Let’s go further into my history shall we? I got married right out of high school at age 18 to my high school sweetheart. Many of you know that we were married for 10 years and have two handsome sons together but we were an absolute mess. During that time I struggled to work full-time in a dental office while obtaining my bachelor's degree in psychology and eventually my teaching license while taking my first teaching position. I went to school at night and on weekends, sometimes during the summer to obtain my master's degree in education. I set aside many, many hours of my relationship with my then husband, as well as time with our infant children, to earn these certifications. I worked tirelessly, as if driven by some inner demon to complete this process. I taught for a little less than five years. I mainly loved it, so why did I leave? I had wanted to be a nurse when I completed high school. Well to be perfectly honest, I had wanted to be a doctor but that was never going to happen when we needed me to work as well. I resented my husband so much that we could not make it on one income due to some poor choices we had made financially, so I couldn't go to nursing school, work and raise 2 kids often alone (he was a cop at the time, and I did have a TON of help from family...but STILL). I’m not even sure he knew how much I resented that because I was working as a teacher. I had a career and so did he, and we mostly attained those without financial sacrifice (except heaps of student loans). When we went through a bitter divorce after 10 years of marriage it was my first time I really got to ponder what I would do with the rest of my life. When I met and married Barrett, he encouraged me to fulfill my dreams- letting me know that we could make it on one income -while not indefinitely, for a while for me to pursue nursing. It was a huge GIFT, and I ran with it.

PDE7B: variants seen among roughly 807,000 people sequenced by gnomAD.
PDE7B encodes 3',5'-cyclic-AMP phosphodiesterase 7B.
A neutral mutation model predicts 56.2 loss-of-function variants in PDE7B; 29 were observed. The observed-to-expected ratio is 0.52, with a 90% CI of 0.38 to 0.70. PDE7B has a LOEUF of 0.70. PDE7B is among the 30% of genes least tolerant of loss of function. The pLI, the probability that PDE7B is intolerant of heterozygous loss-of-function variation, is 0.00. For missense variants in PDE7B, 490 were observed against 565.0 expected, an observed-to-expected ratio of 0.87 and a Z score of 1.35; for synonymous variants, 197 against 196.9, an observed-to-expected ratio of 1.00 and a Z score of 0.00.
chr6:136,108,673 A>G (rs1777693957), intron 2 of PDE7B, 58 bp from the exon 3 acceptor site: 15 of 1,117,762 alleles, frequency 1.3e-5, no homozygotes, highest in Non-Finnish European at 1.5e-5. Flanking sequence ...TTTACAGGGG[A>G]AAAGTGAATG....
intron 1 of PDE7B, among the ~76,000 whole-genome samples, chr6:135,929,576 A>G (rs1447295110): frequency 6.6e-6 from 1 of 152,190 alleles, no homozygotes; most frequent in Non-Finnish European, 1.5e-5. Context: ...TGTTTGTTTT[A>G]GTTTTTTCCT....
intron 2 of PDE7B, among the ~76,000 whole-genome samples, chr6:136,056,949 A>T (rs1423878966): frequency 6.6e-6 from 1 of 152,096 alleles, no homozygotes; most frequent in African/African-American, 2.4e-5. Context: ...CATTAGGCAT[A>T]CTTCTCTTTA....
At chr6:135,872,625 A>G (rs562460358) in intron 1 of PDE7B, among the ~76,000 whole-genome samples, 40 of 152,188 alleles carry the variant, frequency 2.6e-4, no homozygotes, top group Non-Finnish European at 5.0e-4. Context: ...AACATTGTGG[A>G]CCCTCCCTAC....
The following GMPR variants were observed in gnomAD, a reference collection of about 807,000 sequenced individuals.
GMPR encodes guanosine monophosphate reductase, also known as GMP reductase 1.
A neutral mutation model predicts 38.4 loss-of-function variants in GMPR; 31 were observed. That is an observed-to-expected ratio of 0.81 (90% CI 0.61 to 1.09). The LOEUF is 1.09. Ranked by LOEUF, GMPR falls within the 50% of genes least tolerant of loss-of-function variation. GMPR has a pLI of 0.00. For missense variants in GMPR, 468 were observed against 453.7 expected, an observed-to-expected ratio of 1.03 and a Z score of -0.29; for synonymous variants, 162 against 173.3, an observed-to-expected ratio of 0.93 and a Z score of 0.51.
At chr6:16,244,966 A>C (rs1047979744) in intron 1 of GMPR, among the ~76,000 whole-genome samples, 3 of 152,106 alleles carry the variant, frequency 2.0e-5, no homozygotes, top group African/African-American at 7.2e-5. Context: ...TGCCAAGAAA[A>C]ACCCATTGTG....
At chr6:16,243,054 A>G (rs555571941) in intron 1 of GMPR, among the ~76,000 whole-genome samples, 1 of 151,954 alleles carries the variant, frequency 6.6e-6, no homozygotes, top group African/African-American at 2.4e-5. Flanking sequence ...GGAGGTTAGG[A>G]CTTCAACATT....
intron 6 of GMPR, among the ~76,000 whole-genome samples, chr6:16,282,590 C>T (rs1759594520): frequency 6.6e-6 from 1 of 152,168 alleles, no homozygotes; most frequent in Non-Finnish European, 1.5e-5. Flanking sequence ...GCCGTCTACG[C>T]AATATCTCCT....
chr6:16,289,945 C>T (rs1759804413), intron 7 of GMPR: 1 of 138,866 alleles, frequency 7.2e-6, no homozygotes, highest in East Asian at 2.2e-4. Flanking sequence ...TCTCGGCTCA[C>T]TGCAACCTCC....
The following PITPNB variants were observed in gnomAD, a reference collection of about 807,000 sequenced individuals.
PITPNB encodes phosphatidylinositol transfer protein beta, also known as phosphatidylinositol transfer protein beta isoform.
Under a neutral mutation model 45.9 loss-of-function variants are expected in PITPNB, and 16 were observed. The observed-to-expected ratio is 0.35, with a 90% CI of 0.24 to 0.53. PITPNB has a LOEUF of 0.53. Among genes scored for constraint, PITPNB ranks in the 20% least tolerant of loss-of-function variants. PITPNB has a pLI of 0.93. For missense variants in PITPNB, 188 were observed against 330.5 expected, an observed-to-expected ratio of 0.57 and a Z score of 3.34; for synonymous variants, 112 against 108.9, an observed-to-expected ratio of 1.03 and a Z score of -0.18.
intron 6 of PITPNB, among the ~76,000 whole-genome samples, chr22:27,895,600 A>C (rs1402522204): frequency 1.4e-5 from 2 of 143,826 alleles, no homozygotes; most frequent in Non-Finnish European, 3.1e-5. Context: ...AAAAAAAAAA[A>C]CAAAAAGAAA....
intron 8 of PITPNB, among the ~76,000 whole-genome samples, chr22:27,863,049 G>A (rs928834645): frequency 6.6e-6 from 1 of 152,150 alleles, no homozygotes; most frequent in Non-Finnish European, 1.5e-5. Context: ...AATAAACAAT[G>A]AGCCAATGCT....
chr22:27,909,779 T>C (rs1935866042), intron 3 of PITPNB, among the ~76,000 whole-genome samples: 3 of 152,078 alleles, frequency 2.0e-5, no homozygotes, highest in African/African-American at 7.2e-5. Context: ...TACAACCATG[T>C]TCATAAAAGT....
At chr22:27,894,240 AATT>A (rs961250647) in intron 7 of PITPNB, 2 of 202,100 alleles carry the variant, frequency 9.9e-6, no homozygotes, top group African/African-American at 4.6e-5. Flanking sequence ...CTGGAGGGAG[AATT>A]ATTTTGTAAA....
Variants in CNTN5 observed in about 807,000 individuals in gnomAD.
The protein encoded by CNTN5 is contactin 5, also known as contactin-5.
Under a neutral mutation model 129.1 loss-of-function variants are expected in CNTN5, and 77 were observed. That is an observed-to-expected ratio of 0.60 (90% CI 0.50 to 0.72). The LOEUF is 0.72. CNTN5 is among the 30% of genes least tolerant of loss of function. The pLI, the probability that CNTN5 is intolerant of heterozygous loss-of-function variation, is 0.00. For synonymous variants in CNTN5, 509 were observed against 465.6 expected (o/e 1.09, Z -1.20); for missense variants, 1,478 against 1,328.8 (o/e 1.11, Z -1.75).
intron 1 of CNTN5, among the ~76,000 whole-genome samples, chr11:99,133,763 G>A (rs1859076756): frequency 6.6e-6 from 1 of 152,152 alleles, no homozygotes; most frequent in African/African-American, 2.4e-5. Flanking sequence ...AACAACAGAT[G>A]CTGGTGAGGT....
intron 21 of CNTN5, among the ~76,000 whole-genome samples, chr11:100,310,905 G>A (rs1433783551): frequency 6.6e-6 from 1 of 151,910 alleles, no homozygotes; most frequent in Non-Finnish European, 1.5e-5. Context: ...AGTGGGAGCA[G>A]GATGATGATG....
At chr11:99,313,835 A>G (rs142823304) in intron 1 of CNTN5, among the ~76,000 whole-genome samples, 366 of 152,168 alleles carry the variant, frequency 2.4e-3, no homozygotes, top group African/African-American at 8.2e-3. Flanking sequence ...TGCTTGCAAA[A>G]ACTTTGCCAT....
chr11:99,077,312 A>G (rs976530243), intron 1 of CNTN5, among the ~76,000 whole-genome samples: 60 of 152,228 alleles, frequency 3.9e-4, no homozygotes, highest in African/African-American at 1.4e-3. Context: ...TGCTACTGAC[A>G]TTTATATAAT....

Retrospectively I should have known from my undergrad degree in psychology that you were never supposed to make a handful of large life altering decisions all around the same time. I should have made myself stay and teach for another year or two and settle into my new relationship. Would that have changed things? I’m really not sure because I was determined that I needed to be a nurse. I will begrudgingly admit though that I did not know myself as well as I thought I did (and still working on that), and that I sometimes--- and I cringe to say this--- regret the decision. I was pretty happy as a teacher… Not always, but overall, so why did I think that needed to change? I did hate the amount of work that I brought home and that it took time away from my kids or coming home exhausted and not feeling like I had the energy to deal with my kids after being with other people's children all day… But I also loved the creative process and have missed a creative outlet so much and the interaction with students so much. I think because I taught health sciences, I felt like I was missing “doing" something. I must say though, I derive no satisfaction from running IV fluids, placing a catheter, or really doing many other clinical skills. Many nurses truly love this… I think I wanted to be one of them, but if I am 100% honest, I am not one of them.  I'm pretty apathetic to that aspect. MREH would be the right term. I can do them. I can learn them. I don't care. The part of nursing I enjoy the most is education & interaction with patients, especially when I have the opportunity to work with children and families. I am not super interested in adult medicine, but I am in peds.